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Up to 50% of Dairy Products in Russian Market Are Fake, Report Says

Palm oil is widely used in the production of pastries, biscuits, cooking oils and dairy products because of its low cost.

A one-year ban on select Western products and a rapid slide in the value of the ruble has led to sharp growth in the number of counterfeit dairy products sold in Russia, newspaper Nezavisimaya Gazeta reported Wednesday, citing Russia's agricultural watchdog Rosselkhoznadzor.

Fake dairy products currently account for up to 50 percent of what's on shop shelves, according to the newspaper.

Analysts cited by Nezavisimaya Gazeta also said that the rise in fake dairy products was also leading growth in palm oil imports.

In the first two months of this year palm oil imports increased by 36.9 percent compared to the same period last year, according to the Rosstat state statistics service.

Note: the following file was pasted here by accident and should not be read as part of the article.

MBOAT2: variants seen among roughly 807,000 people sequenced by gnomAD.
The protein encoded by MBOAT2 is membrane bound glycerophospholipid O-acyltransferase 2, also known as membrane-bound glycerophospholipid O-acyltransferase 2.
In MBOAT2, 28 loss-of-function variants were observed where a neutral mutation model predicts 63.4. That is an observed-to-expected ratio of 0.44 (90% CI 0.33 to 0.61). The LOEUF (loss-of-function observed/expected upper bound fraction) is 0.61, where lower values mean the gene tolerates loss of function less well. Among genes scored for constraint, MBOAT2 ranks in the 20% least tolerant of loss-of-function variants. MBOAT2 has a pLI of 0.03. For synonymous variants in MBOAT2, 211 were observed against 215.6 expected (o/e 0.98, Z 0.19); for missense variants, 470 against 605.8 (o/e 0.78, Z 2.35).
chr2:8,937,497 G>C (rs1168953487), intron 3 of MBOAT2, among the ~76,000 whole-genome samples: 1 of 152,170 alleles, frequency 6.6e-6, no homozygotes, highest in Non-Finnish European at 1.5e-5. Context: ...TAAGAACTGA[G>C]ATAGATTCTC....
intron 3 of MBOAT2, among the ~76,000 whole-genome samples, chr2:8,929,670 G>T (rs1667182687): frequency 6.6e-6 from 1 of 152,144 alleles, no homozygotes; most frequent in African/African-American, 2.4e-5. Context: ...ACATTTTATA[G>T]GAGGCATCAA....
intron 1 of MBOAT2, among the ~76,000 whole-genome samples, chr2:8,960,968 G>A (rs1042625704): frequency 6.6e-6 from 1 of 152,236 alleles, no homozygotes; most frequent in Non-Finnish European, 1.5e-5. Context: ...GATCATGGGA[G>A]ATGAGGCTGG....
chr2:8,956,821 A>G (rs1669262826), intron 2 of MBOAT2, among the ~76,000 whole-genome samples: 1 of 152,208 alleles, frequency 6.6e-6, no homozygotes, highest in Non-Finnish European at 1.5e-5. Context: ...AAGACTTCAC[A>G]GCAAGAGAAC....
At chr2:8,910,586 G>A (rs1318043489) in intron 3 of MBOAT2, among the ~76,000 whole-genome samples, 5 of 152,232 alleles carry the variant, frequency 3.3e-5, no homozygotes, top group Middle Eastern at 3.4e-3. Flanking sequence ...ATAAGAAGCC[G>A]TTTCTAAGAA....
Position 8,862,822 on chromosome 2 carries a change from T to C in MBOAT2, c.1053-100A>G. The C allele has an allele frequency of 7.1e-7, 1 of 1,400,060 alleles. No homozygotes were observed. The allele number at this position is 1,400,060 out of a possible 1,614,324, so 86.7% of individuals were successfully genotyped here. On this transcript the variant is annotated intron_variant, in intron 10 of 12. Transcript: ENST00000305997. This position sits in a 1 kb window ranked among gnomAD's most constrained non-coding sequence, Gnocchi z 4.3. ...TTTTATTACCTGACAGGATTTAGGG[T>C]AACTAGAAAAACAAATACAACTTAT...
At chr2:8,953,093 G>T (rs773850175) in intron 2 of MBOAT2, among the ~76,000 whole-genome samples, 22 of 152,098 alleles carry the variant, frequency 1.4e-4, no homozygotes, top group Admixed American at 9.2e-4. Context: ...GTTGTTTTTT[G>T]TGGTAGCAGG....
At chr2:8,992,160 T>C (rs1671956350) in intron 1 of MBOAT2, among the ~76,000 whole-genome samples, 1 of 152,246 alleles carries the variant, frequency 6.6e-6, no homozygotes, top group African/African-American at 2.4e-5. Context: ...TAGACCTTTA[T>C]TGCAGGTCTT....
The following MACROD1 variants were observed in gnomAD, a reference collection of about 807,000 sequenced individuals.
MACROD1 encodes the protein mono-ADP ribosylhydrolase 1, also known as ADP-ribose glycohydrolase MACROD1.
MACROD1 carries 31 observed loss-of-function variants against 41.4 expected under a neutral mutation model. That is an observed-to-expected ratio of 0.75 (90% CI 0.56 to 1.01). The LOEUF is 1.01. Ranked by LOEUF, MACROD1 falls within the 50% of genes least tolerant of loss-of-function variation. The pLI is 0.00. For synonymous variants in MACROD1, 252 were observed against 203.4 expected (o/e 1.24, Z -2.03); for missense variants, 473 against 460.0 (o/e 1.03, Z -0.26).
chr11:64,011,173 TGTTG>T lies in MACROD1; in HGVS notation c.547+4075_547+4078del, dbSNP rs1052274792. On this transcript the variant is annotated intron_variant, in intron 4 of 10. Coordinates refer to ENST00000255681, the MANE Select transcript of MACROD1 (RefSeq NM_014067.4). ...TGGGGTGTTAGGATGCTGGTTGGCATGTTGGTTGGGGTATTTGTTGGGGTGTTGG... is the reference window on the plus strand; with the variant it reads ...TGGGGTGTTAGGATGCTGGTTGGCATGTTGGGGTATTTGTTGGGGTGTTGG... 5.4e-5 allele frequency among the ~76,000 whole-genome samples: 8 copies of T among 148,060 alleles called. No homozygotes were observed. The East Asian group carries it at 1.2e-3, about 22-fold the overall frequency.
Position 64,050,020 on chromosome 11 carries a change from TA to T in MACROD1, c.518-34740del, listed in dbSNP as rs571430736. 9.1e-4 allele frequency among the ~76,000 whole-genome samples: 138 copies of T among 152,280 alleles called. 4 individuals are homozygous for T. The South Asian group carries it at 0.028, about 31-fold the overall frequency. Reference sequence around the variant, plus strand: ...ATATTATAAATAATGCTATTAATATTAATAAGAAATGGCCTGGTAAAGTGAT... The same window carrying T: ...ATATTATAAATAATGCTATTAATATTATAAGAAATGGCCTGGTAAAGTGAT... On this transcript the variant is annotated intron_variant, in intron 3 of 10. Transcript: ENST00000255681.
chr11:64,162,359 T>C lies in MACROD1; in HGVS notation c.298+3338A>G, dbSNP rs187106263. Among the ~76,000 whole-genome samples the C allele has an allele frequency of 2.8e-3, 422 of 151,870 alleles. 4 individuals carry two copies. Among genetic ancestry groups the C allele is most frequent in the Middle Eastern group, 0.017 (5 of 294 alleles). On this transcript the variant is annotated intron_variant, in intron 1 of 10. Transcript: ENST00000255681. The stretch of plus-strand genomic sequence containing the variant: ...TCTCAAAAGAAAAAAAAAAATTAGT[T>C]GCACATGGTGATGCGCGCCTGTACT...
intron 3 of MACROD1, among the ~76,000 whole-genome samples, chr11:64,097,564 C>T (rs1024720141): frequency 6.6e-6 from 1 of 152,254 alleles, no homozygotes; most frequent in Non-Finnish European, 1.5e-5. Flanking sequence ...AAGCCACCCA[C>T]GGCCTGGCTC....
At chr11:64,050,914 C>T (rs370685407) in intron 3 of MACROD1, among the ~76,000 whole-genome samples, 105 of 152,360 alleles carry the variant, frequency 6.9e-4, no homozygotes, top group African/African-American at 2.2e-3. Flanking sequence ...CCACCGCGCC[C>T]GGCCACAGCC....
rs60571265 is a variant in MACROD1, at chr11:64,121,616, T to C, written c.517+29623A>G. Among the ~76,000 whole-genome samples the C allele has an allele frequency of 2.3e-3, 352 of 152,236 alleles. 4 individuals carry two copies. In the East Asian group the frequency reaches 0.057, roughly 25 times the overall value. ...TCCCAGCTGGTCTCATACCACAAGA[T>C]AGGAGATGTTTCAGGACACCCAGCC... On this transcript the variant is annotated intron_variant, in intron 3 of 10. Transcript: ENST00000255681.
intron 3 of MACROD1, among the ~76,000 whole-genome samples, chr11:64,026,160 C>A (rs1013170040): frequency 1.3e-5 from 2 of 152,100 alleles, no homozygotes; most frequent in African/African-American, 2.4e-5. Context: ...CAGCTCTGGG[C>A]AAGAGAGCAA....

Palm oil, an edible vegetable oil extracted from the pulp of the fruits of oil palms, is widely used in the production of pastries, biscuits, cooking oils and dairy products because of its low cost.

Russian cheese production has significantly increased since last year, following a ban on dairy products from the European Union and United States tied to their sanctions on Moscow over the Ukraine crisis.

In January the Russian cheese market grew 34 percent, according to state statistics agency Rosstat. However, the production of milk and the volume of imported milk has decreased by 3 and 34 percent respectively, Rosstat said.

These statistics indicate the possibility that palm oil is being used in the production of Russian cheeses.

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